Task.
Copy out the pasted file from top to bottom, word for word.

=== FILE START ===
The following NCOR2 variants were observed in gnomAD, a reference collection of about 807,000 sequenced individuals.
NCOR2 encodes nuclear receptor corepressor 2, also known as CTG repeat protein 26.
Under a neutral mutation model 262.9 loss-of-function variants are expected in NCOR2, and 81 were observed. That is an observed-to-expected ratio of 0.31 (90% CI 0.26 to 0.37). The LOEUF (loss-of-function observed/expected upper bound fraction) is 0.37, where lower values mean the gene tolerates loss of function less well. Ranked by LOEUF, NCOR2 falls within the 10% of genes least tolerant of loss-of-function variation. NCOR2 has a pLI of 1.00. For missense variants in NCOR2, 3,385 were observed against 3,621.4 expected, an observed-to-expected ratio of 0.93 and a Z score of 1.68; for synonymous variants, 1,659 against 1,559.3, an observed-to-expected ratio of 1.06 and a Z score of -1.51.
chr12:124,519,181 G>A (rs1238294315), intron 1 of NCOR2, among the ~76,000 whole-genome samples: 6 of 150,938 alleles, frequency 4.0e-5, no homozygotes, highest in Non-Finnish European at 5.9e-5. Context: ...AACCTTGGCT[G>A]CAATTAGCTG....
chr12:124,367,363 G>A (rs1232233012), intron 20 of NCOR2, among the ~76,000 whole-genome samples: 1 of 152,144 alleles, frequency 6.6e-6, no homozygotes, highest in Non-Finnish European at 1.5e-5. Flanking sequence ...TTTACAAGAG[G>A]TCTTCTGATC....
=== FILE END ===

The following NCOR2 variants were observed in gnomAD, a reference collection of about 807,000 sequenced individuals.
NCOR2 encodes nuclear receptor corepressor 2, also known as CTG repeat protein 26.
Under a neutral mutation model 262.9 loss-of-function variants are expected in NCOR2, and 81 were observed. That is an observed-to-expected ratio of 0.31 (90% CI 0.26 to 0.37). The LOEUF (loss-of-function observed/expected upper bound fraction) is 0.37, where lower values mean the gene tolerates loss of function less well. Ranked by LOEUF, NCOR2 falls within the 10% of genes least tolerant of loss-of-function variation. NCOR2 has a pLI of 1.00. For missense variants in NCOR2, 3,385 were observed against 3,621.4 expected, an observed-to-expected ratio of 0.93 and a Z score of 1.68; for synonymous variants, 1,659 against 1,559.3, an observed-to-expected ratio of 1.06 and a Z score of -1.51.
chr12:124,519,181 G>A (rs1238294315), intron 1 of NCOR2, among the ~76,000 whole-genome samples: 6 of 150,938 alleles, frequency 4.0e-5, no homozygotes, highest in Non-Finnish European at 5.9e-5. Context: ...AACCTTGGCT[G>A]CAATTAGCTG....
chr12:124,367,363 G>A (rs1232233012), intron 20 of NCOR2, among the ~76,000 whole-genome samples: 1 of 152,144 alleles, frequency 6.6e-6, no homozygotes, highest in Non-Finnish European at 1.5e-5. Flanking sequence ...TTTACAAGAG[G>A]TCTTCTGATC....